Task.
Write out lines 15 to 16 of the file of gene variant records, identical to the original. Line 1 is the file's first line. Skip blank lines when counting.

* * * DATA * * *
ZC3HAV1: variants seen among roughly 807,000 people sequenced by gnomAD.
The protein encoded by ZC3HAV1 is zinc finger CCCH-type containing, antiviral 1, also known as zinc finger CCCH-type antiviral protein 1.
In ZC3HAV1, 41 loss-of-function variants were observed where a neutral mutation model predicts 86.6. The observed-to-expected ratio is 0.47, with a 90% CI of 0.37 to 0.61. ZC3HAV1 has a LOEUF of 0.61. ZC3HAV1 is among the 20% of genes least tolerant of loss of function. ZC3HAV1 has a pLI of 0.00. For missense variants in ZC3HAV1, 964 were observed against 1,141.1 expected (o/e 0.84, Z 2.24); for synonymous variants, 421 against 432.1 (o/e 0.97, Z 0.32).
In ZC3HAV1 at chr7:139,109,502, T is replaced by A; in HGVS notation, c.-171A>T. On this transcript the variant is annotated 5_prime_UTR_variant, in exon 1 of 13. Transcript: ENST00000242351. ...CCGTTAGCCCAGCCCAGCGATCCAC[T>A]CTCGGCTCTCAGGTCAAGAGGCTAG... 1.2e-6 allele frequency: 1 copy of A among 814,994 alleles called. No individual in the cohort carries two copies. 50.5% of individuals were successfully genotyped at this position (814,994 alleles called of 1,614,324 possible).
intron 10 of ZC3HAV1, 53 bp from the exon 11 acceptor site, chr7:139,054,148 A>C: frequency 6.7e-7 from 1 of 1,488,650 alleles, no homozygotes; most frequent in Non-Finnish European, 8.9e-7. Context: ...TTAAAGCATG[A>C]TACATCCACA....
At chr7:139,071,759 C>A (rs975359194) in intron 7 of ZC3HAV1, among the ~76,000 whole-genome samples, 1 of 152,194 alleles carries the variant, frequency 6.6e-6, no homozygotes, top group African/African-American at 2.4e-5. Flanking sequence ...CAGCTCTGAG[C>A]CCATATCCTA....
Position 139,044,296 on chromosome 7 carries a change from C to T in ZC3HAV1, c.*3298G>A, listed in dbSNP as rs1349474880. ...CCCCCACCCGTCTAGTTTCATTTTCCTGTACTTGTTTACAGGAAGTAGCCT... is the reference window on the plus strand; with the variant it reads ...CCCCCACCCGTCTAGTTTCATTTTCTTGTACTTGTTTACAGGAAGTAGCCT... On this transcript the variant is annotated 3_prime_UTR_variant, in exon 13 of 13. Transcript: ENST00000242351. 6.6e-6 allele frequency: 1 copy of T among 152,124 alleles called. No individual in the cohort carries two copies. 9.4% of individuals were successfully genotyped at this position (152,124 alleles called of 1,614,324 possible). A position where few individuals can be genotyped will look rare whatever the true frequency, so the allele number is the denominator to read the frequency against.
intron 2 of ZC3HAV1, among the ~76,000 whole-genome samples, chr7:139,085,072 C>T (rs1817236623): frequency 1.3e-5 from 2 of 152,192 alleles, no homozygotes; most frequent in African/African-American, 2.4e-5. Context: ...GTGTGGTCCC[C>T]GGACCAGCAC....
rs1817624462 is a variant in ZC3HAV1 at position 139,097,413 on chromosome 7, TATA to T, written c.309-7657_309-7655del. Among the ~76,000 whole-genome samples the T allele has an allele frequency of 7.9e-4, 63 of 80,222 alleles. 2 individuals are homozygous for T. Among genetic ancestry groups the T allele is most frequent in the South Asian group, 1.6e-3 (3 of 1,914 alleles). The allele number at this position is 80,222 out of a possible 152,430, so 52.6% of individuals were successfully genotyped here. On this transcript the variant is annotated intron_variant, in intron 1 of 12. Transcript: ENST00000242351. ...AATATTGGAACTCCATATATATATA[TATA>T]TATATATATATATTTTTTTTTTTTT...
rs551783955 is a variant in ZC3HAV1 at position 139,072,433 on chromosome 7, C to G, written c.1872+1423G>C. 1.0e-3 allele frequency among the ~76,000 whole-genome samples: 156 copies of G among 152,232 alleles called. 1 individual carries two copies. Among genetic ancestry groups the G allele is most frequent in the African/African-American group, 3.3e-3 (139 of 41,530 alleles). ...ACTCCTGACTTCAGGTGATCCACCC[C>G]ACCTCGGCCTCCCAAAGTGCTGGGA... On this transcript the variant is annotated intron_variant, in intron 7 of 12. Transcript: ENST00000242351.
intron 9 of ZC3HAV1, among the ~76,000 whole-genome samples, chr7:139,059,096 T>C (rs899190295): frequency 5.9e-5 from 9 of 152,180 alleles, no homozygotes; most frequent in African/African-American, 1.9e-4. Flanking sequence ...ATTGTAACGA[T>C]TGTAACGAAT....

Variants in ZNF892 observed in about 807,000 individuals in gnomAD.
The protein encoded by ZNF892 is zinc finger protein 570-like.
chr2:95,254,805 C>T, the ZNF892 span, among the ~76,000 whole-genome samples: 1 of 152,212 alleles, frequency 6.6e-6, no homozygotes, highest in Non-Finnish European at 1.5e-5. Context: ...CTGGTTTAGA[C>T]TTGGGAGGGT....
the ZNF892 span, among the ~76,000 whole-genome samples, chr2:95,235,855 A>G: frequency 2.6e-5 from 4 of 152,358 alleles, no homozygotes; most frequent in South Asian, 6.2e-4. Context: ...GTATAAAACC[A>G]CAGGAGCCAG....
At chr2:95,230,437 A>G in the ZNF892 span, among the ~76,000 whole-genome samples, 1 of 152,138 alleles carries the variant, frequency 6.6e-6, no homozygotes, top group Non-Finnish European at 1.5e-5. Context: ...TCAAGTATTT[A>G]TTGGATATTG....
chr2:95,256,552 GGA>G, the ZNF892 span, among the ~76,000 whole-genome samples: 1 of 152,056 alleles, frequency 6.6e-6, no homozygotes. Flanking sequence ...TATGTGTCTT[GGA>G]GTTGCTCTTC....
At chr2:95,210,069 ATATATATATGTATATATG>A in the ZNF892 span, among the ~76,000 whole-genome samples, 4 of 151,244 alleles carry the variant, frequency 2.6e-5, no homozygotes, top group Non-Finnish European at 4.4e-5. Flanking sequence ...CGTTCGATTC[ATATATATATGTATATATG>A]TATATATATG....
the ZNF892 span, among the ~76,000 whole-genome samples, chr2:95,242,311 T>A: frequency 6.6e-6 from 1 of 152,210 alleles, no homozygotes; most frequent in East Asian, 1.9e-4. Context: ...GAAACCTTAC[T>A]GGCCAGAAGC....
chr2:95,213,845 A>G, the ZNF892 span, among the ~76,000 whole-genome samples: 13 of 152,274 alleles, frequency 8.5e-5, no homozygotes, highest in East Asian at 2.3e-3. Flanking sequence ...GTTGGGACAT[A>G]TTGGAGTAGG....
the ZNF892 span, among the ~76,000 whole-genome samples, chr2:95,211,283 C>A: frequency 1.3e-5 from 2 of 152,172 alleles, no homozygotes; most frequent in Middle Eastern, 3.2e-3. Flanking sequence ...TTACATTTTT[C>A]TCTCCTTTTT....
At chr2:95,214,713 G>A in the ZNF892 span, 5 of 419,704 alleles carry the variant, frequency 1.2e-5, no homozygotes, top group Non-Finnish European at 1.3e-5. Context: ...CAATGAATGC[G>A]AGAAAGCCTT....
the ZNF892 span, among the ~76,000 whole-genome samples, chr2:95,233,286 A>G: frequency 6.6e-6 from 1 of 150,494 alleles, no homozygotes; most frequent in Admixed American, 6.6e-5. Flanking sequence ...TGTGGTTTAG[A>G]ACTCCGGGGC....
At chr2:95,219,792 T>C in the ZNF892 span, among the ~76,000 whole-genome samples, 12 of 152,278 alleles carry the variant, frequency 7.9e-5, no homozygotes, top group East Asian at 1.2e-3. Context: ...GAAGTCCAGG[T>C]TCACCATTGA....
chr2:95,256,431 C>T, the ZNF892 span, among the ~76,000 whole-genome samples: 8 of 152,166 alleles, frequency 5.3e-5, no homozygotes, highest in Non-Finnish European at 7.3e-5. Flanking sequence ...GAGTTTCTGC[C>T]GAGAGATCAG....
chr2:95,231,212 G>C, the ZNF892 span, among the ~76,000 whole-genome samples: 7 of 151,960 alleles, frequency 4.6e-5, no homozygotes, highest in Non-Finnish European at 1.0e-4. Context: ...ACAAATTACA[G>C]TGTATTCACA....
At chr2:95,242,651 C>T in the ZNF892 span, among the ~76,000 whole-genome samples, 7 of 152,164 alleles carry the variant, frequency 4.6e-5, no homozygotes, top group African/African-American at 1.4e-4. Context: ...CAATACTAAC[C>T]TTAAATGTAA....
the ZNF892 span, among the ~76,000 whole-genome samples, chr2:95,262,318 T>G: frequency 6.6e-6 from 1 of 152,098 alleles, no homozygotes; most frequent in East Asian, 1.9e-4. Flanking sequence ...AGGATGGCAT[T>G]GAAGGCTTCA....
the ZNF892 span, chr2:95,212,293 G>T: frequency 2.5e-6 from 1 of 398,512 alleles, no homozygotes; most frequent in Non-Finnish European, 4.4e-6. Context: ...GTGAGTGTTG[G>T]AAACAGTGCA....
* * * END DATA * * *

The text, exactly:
the ZNF892 span, among the ~76,000 whole-genome samples, chr2:95,235,855 A>G: frequency 2.6e-5 from 4 of 152,358 alleles, no homozygotes; most frequent in South Asian, 6.2e-4. Context: ...GTATAAAACC[A>G]CAGGAGCCAG....
At chr2:95,230,437 A>G in the ZNF892 span, among the ~76,000 whole-genome samples, 1 of 152,138 alleles carries the variant, frequency 6.6e-6, no homozygotes, top group Non-Finnish European at 1.5e-5. Context: ...TCAAGTATTT[A>G]TTGGATATTG....